United States District Court, D. Maryland
RICHARD D. BENNETT, UNITED STATES DISTRICT JUDGE
Maiden Biosciences, Inc. (“Plaintiff” or
“Maiden”) brings this action against MPM Medical,
Inc. (“MPM”) and RBC Lifesciences, Inc.
(“RBC”) (collectively, “Defendants”),
alleging that Defendants breached a supply agreement for the
purchase of custom-made wound dressings. (Am. Compl., ECF No.
13.) Presently before this Court is Defendants' Motion to
Dismiss the Amended Complaint or, in the alternative,
Transfer this case to the United States District Court for
the Northern District of Texas. (ECF No. 14.) The parties'
submissions have been reviewed, and no hearing is necessary.
See Local Rule 105.6 (D. Md. 2016). For the reasons
stated below, Defendants' Motion to Transfer (ECF No. 14)
is GRANTED. All pending arguments, including Defendant
RBC's argument that it is an improper Defendant, will
remain pending for disposition in the transferee court.
reviewing a motion to dismiss, this Court accepts as true the
facts alleged in the plaintiff's complaint. See Aziz
v. Alcolac, Inc., 658 F.3d 388, 390 (4th Cir. 2011).
Defendant MPM Medical, Inc. (“MPM”), a Texas
corporation, is a pharmaceutical supply company that sells
products through medical, surgical, and pharmaceutical
distributors. (ECF No. 14-3 at ¶ 9.) MPM's Vice
President and General Manager, Gerald Pyle, testified that
MPM has sixteen direct employees nationwide and does not
actively engage in business in Maryland. (Id. at
¶ 10, 17.) He testified that, for instance, MPM does not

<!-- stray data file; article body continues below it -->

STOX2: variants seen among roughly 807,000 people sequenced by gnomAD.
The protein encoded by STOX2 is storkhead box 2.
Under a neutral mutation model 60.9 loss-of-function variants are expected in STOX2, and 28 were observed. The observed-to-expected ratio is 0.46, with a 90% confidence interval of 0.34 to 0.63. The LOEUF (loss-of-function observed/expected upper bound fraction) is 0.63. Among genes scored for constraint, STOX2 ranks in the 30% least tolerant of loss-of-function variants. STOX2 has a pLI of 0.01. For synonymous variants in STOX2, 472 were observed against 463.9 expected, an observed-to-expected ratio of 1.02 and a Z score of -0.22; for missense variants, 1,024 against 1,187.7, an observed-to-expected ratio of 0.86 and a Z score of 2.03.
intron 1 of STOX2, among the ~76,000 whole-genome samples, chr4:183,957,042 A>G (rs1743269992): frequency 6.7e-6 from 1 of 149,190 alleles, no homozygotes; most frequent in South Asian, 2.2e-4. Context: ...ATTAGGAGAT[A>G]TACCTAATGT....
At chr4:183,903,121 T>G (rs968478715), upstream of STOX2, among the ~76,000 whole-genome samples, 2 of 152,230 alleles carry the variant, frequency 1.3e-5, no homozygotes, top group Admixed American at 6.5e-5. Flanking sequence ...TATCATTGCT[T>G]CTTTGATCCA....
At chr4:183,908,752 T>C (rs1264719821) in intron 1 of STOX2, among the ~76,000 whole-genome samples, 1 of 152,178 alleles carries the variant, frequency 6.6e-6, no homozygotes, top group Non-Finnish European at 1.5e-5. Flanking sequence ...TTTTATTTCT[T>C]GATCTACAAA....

directly advertise or target Maryland for its customers, and
none of MPM's six nation-wide sales representatives are
assigned to Maryland or live closer than Detroit, Michigan or
Chicago, Illinois. (Id. at ¶ 18.) Defendant RBC
Lifesciences, Inc. (“RBC”), a Nevada corporation,
is the parent holding company of MPM. (Brown Aff., ECF No.
14-2 at ¶ 4; Pyle Aff., ECF No. 14-3 at ¶ 7.)
RBC's Chief Executive Officer and President, Steven
Brown, testified that RBC does not sell any products, own any
real or personal property, or advertise in Maryland. (ECF No.
14-2 at ¶ 7.)
Maiden Biosciences, Inc. (“Maiden”), a Maryland
corporation, is a small biotech company that manufactures
wound dressing. (Am. Compl., ECF No. 13 at ¶ 14.) Maiden
was established in 2016 at the John Hopkin's University
Montgomery County Campus in Montgomery County, Maryland.
(Id.) Maiden only has two employees who are also the
company's two owners. (Gorman Aff., ECF No. 17-2 at
¶ 15). One of the owners is Mark Gorman,  who is also the
Chief Executive Officer and Director of Business and
Development. (Id. at ¶ 4.) Prior to working for
Maiden, from 2011 to 2016, Gorman worked for another wound
care product manufacturer, Human Biosciences, Inc.
(“HBS”). (Id. at ¶ 17.) During
Gorman's employment with HBS, Defendant MPM purchased
wound care products from HBS. (Id. at ¶ 18.)
Specifically, the Amended Complaint alleges that Gorman
received orders from Gerald Pyle for products including
Triple Helix Collagen Powder and Triple Helix Sheets. (ECF
No. 13 at ¶¶ 17, 19.)
April of 2016 at a Symposium on Advanced Wound Care, the